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  1. What does mutual information (MI) convey? If 2 signals are independent then MI is zero; What does this imply and mean in the case of mutual information of error, and in general definition of MI and entropy. What is the interpretation if MI of error is decreasing or getting minimized?
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What does mutual information (MI) convey?

It indicates that there is a relationship between the two signals- i.e. that they are not independent. It could be that they are correlated, but the relationship does not have to be that simple. The higher the mutual information, the stronger the relationship (i.e. the more one of the signals can "tell" you about the other).

What does this imply and mean in the case of mutual information of error, and in general definition of MI and entropy.

If the error has mutual information with the observation this implies that the receiver did not use all of the information in the observation- i.e. the receiver is not ideal. If the receiver was ideal it would have used all of the information in the observation, so what was left in the error signal would be independent of the observation.

What is the interpretation if MI of error is decreasing or getting minimized?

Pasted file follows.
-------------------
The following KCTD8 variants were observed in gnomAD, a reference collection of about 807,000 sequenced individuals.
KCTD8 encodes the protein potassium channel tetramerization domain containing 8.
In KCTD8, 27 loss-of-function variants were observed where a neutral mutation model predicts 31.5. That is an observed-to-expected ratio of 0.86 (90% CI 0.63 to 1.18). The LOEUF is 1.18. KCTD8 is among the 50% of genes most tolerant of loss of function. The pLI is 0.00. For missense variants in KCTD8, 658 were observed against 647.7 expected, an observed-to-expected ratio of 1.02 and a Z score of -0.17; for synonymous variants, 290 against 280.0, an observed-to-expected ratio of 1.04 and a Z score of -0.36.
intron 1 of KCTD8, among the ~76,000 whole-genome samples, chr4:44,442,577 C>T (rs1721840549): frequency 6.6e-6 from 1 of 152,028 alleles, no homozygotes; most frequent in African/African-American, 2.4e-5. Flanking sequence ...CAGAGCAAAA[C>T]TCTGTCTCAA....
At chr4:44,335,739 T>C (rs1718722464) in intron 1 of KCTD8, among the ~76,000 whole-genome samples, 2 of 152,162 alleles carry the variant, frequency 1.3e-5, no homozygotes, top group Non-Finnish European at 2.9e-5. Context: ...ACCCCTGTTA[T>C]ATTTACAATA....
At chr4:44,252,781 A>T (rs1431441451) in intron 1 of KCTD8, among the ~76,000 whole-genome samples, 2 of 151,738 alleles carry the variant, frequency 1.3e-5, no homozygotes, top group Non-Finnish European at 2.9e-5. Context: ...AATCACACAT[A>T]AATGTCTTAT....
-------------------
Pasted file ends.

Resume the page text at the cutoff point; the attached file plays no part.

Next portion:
Decreasing MI of error implies that the receiver is doing a better job. Once the MI is zero it is impossible to do any better.

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  • $\begingroup$ Thank you for your intuitive reply which has created some more doubts, if you may kindly clarify them.(A) When you say that signal is dependent if MI is non-zero. So, is correlation and dependency the same?A signal that is independent is also uncorrelated? (B)If MI of error reduces then how does it imply that we are reaching the true estimates?(C)SInce,formula of MI contains entropy, can I say that increase of entropy increases information content or just the information?(I am not clear about relation between entropy and information).What is the relation between entropy & information? $\endgroup$ – Ria George Jul 27 '14 at 19:57
  • $\begingroup$ Lastly, does an ideal receiver means no noise? Thank you $\endgroup$ – Ria George Jul 27 '14 at 22:02
  • $\begingroup$ No, an ideal receiver does not mean "no noise". There is always noise. $\endgroup$ – Jim Clay Jul 28 '14 at 15:05
  • $\begingroup$ No, correlation and dependency are not the same. Signals that are correlated are not independent, but dependent signals are not necessarily correlated. $\endgroup$ – Jim Clay Jul 28 '14 at 15:06

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